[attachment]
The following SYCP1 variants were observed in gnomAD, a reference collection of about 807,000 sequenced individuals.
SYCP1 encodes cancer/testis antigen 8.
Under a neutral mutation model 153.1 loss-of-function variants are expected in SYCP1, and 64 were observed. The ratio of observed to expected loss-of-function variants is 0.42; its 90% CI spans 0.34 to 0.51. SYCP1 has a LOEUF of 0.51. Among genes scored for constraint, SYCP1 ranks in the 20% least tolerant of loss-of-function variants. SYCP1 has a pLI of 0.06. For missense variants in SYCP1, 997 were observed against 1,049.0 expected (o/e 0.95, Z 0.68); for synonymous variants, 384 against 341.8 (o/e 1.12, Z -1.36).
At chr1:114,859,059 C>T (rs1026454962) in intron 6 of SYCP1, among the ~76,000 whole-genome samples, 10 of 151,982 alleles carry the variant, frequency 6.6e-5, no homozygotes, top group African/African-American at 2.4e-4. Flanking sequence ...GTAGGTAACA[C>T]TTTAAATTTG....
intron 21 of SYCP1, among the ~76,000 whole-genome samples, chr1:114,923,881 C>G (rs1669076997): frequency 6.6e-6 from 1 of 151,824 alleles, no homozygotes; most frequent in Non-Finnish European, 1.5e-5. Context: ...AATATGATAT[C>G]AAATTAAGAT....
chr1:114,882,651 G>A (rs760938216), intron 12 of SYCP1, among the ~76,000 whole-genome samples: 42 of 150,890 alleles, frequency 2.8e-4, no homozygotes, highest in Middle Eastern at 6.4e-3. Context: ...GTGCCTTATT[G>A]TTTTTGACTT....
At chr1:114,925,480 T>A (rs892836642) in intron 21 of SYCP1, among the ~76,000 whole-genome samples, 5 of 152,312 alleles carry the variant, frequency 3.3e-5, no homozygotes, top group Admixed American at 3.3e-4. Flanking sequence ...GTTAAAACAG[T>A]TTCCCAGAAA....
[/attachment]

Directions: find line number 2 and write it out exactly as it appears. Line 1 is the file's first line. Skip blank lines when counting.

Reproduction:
SYCP1 encodes cancer/testis antigen 8.